Last fall, the FIDM Museum lent a Marlene Dietrich dress to the exhibition Light & Noir: Emigrés and Exiles in Hollywood, 1933-1950, at the Skirball Cultural Center in Los Angeles. The strapless evening gown in a paisley floral pattern--created by fashion designer and costumer Irene Lentz Gibbons, better known as Irene--is part of a collection of several garments and accessories worn by Dietrich currently on loan to the FIDM Museum by the City of Los Angeles Department of Recreation and Parks.
Unusually, Dietrich wore this gown both on and off screen. As Light & Noir curator Doris Berger explained in an interview on the SkirBlog:
Dietrich wore the dress while entertaining American troops in Italy in 1944 in support to win the war against the Nazis. Shortly after the war, Billy Wilder wanted her to play the role of a songstress in postwar Berlin in his film A Foreign Affair (1948), which is a lot about survival strategies—during and after the war. Dietrich didn’t want to play that role, as the character has a Nazi past, but Wilder convinced her. Dietrich gave the film a personal note by wearing the same dress in one of the movie’s scenes. So, she wore the dress in real life and then in a feature film imitating that reality.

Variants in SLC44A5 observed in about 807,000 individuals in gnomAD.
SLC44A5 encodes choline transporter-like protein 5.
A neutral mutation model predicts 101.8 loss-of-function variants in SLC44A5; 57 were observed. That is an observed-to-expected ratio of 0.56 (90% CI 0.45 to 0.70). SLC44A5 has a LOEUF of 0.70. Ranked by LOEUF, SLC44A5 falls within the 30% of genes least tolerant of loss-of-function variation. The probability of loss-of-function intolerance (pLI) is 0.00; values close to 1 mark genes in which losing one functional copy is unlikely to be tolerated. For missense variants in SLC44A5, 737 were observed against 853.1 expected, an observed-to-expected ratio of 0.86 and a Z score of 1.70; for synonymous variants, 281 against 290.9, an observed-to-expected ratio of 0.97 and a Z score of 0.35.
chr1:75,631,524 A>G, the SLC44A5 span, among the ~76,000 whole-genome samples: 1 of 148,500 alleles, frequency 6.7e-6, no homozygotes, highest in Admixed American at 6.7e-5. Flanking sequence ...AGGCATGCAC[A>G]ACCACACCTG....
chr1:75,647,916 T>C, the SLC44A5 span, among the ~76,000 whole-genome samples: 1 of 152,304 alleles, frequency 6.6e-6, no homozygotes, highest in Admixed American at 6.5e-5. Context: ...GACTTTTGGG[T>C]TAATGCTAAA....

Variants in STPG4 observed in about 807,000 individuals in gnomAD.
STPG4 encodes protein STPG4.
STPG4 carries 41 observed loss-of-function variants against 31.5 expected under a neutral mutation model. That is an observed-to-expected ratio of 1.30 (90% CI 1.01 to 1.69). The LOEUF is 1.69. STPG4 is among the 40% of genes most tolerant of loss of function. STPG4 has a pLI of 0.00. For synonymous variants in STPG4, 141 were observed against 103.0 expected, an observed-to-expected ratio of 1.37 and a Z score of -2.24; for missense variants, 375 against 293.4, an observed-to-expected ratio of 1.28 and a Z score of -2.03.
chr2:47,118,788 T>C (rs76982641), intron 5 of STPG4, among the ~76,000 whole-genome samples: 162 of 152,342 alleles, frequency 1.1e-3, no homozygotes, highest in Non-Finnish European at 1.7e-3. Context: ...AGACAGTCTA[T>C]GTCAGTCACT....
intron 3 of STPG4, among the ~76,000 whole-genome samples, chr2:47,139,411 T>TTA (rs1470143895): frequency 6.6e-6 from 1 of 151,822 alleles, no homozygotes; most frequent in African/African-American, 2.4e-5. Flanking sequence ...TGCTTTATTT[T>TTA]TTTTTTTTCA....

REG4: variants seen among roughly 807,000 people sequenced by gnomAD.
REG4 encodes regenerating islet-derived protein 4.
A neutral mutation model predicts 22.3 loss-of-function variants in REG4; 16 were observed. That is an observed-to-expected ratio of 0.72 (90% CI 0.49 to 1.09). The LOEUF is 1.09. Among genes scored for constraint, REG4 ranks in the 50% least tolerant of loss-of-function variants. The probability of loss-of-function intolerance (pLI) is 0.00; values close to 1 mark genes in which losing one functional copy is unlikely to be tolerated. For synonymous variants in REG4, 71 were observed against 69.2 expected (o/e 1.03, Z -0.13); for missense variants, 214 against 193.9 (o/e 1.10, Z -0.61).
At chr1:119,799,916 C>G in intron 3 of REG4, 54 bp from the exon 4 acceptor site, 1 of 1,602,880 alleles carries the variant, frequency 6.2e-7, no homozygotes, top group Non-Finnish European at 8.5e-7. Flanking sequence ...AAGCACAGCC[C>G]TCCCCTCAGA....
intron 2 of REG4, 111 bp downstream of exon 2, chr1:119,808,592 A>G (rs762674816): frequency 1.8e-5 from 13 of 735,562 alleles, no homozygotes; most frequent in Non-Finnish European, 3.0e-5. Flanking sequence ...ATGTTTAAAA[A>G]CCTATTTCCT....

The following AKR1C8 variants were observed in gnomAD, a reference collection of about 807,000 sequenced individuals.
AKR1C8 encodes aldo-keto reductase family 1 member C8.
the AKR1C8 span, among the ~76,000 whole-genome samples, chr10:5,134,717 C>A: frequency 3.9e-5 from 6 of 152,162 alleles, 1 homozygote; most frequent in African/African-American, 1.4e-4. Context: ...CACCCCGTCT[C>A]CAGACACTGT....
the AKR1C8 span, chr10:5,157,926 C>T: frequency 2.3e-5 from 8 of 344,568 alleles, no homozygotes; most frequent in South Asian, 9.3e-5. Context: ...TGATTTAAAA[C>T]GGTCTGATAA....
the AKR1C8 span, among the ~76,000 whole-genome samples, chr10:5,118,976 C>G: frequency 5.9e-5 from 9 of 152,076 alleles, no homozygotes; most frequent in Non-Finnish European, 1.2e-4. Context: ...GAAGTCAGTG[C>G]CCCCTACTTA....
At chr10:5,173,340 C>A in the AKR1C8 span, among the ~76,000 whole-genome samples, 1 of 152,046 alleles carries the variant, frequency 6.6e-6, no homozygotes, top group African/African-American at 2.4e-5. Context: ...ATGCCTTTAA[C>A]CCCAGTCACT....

The Skirball exhibition closed in March, but it is about to embark on a tour of other venues, beginning with the the Illinois Holocaust Museum and Education Center in Skokie. Dietrich's dress--along with its mannequin and accessories--is in the process of being carefully packed and crated for transport to Skokie and beyond.
Just as Dietrich's dress once circled the globe to entertain troops fighting World War II, it is leaving Los Angeles once more to tell the story of German-speaking exiles and émigrés who fled Nazi Europe and subsequently shaped Hollywood's Golden Age. The mode of travel may not be movie-star glamorous, but these careful preparations ensure that the beautiful and fragile gown will to speak to future generations with equal eloquence.